At a meeting organized by SWAMC in 2010 at which the project was expected to move toward implementation, the representative for UFA announced that they had successfully lobbyed then
gov. Sean Parnell to withdraw support. Without the support of the governor, Fish and Game was officially out, and that meant the Crew Data Project was dead. One can only speculate on motives, but it is undeniable that prominent members of UFA held catch share quota.
The real losers were Alaska’s coastal communities. It’s a bad thing when over 20,000 fishermen “don’t exist” to lawmakers and regulators. That means that those deckhands — all small businesses in the eyes of the law — will never be recognized as stakeholders. Guess where they live.
It seems likely that more and more fisheries will turn to catch share programs for management. As access to our nation’s fisheries falls into private hands there will be inevitable wrangling among stakeholders. How these programs are shaped and implemented will be all about who is sitting at the table.
Coastal communities have had a seat, but it might best be described as a high chair. It is notable that the North Pacific Fishery Management Council’s Advisory Panel has been shedding community representatives in favor of industry panelists lately. Crew, being nonexistent, does not qualify for inclusion.
But the Council does seem to be recognizing the crew data gap. In an Action Memo from its last meeting in October, the Council tasked its staff to “develop a discussion paper identifying a few (eg, 2-4) economic data components, including crew data, that 1) are not currently collected across all sectors but that could improve FMP and regulatory impact analyzes if collected from all sectors or all vessels participating in federally managed fisheries, and/or 2) should continue to be collected from catch share programs and could inform potential revisions to current Economic Data Reports (EDR) requirements.”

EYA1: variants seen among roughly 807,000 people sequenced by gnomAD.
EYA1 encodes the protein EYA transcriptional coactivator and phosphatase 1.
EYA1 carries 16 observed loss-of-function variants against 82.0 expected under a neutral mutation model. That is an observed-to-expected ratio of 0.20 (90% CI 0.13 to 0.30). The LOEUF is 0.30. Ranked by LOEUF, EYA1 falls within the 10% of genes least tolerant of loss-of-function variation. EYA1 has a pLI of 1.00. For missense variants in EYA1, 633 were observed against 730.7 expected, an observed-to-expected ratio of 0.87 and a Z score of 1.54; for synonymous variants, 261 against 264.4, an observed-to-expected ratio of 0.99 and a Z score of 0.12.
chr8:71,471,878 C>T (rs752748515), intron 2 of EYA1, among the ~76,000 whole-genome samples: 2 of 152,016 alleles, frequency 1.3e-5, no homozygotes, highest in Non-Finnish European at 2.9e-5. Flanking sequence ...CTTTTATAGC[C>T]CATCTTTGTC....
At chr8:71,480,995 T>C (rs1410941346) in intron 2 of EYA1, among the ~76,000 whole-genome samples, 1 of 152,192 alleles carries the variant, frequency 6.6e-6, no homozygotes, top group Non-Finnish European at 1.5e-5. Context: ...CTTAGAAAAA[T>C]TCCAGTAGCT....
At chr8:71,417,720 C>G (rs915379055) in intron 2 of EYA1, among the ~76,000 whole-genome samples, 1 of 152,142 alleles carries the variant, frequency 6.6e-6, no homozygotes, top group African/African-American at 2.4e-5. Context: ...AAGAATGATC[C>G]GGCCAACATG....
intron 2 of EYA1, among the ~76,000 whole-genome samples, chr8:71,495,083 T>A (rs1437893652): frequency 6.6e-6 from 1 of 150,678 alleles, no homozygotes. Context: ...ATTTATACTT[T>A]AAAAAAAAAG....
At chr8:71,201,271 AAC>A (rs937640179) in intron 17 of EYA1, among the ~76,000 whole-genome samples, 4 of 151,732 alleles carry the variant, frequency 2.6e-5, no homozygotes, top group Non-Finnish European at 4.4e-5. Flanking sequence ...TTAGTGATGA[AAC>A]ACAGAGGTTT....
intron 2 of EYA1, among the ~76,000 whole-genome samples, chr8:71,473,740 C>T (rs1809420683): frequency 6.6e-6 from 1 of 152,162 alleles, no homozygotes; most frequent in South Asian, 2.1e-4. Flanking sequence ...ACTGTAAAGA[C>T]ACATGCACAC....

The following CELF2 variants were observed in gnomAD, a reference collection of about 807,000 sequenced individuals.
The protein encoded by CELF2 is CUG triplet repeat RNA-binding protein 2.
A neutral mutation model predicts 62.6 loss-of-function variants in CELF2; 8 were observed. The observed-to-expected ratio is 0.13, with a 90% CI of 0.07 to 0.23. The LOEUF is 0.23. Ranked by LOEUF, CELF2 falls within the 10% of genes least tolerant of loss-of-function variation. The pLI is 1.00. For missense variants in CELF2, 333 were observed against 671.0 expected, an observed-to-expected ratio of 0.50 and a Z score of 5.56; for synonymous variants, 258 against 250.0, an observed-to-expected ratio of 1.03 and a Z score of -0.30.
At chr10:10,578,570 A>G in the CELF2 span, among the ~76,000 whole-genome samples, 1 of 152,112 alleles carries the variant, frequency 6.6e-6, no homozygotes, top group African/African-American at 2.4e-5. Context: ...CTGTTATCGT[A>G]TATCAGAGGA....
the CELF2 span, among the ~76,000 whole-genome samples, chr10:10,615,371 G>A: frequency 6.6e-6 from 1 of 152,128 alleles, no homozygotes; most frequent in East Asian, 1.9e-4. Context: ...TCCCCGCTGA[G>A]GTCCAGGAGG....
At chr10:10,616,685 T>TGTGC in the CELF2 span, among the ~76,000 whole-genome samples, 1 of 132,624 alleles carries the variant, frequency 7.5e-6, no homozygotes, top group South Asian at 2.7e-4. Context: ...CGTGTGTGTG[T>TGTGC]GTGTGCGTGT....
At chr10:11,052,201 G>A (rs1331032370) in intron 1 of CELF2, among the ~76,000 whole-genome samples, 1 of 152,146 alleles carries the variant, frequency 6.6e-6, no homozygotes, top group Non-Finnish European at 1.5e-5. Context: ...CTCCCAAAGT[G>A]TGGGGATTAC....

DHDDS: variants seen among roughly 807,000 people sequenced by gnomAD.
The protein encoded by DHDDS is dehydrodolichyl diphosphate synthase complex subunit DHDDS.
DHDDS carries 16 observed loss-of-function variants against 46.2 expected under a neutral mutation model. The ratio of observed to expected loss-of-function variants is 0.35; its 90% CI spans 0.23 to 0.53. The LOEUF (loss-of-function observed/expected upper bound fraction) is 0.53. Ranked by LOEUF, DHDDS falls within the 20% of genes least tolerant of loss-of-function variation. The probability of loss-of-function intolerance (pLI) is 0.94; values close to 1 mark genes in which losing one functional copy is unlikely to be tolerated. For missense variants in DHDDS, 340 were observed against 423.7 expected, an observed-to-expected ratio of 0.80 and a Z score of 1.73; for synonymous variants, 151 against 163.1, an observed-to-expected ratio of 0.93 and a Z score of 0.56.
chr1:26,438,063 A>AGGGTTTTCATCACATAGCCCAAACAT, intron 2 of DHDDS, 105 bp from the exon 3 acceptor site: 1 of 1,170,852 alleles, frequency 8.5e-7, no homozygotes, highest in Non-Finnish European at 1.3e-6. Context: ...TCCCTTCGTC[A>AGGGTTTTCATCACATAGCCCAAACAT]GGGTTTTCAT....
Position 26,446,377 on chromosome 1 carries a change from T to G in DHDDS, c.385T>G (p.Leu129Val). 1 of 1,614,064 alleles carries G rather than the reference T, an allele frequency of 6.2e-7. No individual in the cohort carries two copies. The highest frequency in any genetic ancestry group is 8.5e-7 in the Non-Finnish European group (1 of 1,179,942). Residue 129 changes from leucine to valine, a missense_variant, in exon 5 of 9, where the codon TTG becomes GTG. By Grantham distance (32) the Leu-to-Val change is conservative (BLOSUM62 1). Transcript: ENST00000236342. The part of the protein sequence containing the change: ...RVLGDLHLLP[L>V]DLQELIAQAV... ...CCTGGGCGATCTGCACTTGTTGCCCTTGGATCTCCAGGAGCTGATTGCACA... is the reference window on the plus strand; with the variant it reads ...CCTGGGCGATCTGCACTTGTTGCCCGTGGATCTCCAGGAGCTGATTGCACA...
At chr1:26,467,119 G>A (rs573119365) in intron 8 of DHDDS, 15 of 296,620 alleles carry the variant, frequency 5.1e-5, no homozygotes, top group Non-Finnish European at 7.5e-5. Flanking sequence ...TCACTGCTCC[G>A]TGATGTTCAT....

Economic Data Reports are required components of catch share fisheries. They are a good faith effort on the part of the Council to measure the effects of private access on the community at large. From the Discussion Paper: “In general, the purpose of the EDR requirements is to gather information to improve the Council’s ability to analyze the economic effects of the catch share or rationalization programmes, understand the economic performance of participants in these programmes, and help estimate the impacts of future issues, problems, or proposed revisions to the programs covered by the EDRs.”
The Memo goes on to say: “Staff were asked to evaluate the appropriate data collection mechanism and the appropriate frequency that minimizes burden and collection costs.” I would suggest that the mechanism for collecting crew data was identified in 2008. But it’s never too late.
Terry Haines has been a commercial fisherman in Kodiak for more than 30 years. He now produces the Alaska Fisheries Report for KMXT and is a member of the Kodiak City Council. He can be reached at email@example.com